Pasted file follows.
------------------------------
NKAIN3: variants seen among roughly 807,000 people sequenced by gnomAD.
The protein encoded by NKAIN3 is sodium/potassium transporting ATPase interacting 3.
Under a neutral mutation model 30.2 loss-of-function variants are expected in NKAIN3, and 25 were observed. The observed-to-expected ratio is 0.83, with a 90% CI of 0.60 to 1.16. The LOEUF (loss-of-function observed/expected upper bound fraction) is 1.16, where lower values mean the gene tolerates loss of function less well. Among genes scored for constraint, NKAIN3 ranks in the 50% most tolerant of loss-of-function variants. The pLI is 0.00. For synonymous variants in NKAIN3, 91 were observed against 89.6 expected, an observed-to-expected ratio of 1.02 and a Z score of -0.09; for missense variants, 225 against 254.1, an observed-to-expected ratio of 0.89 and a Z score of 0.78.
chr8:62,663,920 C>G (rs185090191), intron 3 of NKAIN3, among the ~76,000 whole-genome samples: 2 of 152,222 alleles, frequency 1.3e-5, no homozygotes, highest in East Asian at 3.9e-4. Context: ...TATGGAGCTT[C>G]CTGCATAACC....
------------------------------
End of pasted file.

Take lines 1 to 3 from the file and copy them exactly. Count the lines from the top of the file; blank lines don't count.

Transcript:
NKAIN3: variants seen among roughly 807,000 people sequenced by gnomAD.
The protein encoded by NKAIN3 is sodium/potassium transporting ATPase interacting 3.
Under a neutral mutation model 30.2 loss-of-function variants are expected in NKAIN3, and 25 were observed. The observed-to-expected ratio is 0.83, with a 90% CI of 0.60 to 1.16. The LOEUF (loss-of-function observed/expected upper bound fraction) is 1.16, where lower values mean the gene tolerates loss of function less well. Among genes scored for constraint, NKAIN3 ranks in the 50% most tolerant of loss-of-function variants. The pLI is 0.00. For synonymous variants in NKAIN3, 91 were observed against 89.6 expected, an observed-to-expected ratio of 1.02 and a Z score of -0.09; for missense variants, 225 against 254.1, an observed-to-expected ratio of 0.89 and a Z score of 0.78.